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Outagamie County (Wis.) State Centennial Committee / Land of the fox, saga of Outagamie County

Baker, Louis C.
Call to worship,   pp. 164-185 PDF (10.2 MB)

Page 181

sion (on spiritualism) in this city closed
on Saturday night last, five nights having
been occupied in the debate. Rev. Mr.
Haddock was better qualified with argu-
ments and authorities than his opponent,
Dr. Randall (apparently a substitute for
President Mason of Lawrence University)
who did not appear to have prepared
himself for the fray.'' Mr. Haddock, in
the opinion of the editor of the Crescent,
clearly won his side of the debate in
defense of Spiritualism. In January, 1871,
Mrs. Maggie Van Cott, the first woman
ever licensed by the Methodist church to
preach, held a series of meetings.
  There never was any organized Quaker
group in the county. Among the early
settlers of the Town of Freedom there were
a number of Quakers who held meetings
in homes for some years. The families have
disappeared and presumably no descend-
ants of these families are to be found in
the county.
   In 1865 a small band of Mormons who
 had not gone along with the main party
 on its journey to Utah after the abandon-
 ment of Nauvoo, Illinois, in 1846 came to
 Black Creek. Peter Harris was the Mormon
 preacher and Gilbert Watson, who was
 elected town treasurer in 1865, was one of
 the leaders among the Mormon colony.
 Other Mormons were Emery and Herman
 Downie, J. M. and George Waite. A
 number of French fa'milies who came
 earlier (1861) than Peter Harris also be-
 longed to the group, including the Joseph,
 John and Y. Felio families and the Wilson
 Brothers. The Berthiers soon disappeared
 and later the Mormon church was sold
 There were undoubtedly several groups
 of the Moravian faith located in the
 county by 1865 or 1870 but only one
 church survives from these earlier groups.
 It is located in the Town of Freedom and
 has a resident pastor, the Rev. R. J.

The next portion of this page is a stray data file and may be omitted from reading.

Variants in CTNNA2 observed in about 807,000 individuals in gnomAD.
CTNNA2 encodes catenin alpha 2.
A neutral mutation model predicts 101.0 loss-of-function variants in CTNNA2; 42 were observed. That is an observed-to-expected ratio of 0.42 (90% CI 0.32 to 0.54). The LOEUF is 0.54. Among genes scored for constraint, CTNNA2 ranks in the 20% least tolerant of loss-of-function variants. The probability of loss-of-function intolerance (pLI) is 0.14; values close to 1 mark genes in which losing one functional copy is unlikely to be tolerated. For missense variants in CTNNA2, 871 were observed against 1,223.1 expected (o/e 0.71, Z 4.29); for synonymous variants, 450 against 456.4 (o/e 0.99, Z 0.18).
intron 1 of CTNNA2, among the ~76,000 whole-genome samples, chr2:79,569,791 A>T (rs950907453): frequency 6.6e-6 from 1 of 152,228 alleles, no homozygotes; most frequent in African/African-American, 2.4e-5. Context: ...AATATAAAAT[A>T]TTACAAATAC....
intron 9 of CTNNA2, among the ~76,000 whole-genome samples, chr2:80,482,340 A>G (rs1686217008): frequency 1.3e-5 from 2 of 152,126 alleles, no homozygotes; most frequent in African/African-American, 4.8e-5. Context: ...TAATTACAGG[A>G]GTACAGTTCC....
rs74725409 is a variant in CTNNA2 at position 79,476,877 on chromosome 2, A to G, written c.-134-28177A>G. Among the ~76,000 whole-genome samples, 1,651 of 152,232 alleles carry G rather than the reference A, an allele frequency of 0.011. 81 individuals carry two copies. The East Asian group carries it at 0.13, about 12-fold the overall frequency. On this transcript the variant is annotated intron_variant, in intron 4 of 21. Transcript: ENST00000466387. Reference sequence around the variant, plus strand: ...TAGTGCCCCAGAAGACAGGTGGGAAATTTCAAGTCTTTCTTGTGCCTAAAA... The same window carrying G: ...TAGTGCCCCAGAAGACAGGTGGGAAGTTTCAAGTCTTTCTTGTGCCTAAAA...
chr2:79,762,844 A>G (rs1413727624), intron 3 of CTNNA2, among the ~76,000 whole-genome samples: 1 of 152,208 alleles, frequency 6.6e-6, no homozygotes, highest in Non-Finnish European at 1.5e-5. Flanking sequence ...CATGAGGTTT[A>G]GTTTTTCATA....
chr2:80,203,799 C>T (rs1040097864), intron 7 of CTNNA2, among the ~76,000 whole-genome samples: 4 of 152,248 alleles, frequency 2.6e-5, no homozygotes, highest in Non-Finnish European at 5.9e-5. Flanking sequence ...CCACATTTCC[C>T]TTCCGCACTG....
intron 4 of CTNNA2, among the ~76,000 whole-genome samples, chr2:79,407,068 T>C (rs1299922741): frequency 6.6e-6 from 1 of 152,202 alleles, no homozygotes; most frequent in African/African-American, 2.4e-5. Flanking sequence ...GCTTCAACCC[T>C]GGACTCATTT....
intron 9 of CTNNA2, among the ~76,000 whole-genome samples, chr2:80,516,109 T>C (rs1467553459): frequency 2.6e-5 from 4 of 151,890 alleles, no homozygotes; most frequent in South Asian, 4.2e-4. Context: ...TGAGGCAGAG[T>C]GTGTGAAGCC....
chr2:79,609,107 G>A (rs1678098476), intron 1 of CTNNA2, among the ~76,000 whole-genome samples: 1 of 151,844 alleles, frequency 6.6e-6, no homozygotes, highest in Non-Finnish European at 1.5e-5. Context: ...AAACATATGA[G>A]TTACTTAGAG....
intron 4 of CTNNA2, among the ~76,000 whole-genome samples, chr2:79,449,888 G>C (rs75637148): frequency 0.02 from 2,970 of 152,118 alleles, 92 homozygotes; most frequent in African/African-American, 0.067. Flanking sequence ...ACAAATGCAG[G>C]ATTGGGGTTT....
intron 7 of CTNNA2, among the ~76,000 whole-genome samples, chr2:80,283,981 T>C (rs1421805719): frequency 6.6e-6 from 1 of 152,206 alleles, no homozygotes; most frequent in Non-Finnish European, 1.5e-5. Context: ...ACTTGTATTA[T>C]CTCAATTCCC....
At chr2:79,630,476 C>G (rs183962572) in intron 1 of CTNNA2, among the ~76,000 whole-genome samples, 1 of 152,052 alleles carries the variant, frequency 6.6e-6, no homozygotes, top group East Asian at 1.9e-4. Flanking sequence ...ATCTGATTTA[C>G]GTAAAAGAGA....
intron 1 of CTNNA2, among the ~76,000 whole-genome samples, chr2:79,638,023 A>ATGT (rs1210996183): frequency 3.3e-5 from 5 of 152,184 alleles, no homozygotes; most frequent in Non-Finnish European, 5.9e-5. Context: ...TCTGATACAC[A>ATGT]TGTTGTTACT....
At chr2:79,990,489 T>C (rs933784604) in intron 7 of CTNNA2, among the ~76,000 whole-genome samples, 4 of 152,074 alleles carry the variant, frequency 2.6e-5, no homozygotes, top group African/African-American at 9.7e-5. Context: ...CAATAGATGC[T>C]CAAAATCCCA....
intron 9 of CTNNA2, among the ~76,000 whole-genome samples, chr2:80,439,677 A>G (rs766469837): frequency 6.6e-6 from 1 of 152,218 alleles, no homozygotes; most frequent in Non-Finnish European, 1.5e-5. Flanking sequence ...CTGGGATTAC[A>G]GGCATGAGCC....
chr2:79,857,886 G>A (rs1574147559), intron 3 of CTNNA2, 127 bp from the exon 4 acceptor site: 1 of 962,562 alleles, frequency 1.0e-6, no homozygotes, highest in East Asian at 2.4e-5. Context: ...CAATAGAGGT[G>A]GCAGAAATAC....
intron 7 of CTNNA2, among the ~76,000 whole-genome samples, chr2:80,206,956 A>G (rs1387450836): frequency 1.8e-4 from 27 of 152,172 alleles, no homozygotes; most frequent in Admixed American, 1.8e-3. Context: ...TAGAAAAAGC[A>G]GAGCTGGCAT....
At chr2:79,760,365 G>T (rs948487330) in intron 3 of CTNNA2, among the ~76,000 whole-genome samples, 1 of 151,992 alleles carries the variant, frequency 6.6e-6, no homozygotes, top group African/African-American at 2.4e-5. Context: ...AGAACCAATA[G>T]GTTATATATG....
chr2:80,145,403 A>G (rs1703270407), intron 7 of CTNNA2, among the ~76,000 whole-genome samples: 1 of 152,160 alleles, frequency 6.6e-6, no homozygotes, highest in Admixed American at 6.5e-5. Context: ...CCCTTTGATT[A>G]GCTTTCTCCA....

Grabow. The church founded by mission-
 aries working out of Green Bay in 1867
 had as its first pastor a Rev. Zuecke and
 has maintained its independence since that
  These two groups, now united, began
almost the same time in Pennsylvania,
where Jacob Albright (Albrecht), a Lu-
theran, born in 1759, was converted to
Methodism in 1791. He was ordained in
the Methodist Church and began preach-
ing in Pennsylvania. He felt the urge to
go into a wider field and formed three
''classes" in central Pennsylvania, gradu-
ally consolidating them into a group out
of which was organized the new denomi-
nation known at first under the title
''Evangelische Gemeinschaft or Evangel-
ical Association of North America.'' In
1807 Albright became the first bishop of
the new Church.
  Philip Otterbein, formerly of the Re-
formed Church, founded the United
Brethren. He and Martin Boehme, a
Mennonite, made an evangelistic tour in
Lancaster, Pennsylvania, appearing in
Isaac Long's barn and beginning the serv-
ice with the sentence: ''We are Brethren!''
By 1800 the United Brethren was a recog-
nized church building
  In Outagamie County the Evangelical
Society and the Reformed Church ap-
peared first. In Greenville, at the home of
Friederich MuellKr, the Rev. Jacob Him-
mel, pastor of the Evangelical Church at
Oshkosh, held meetings in 1855-1856;
later others from Oshkosh continued these
services. The Rev. Lienkaemper was work-
ing in Dale at this time, organizing the
families who had recently come from
Pennsylvania, into a Reformed Church
congregation. After 12 years, in 1867, the
Zion Evangelical Church of Greenville
was dedicated during the ministry of a
Rev. Bockemuehl. In Ellington, meetings
were organized in 1858; a church, the
Emmanuel Evangelical Church, was dedi-
cated in 1864. The founders of this church
were the families of Christian Saiberlich
and Carl Breitrich. A second church was
built in 1876 but in 1924 the congregation
had become so small that the church was
closed and the building sold. Emmanuel

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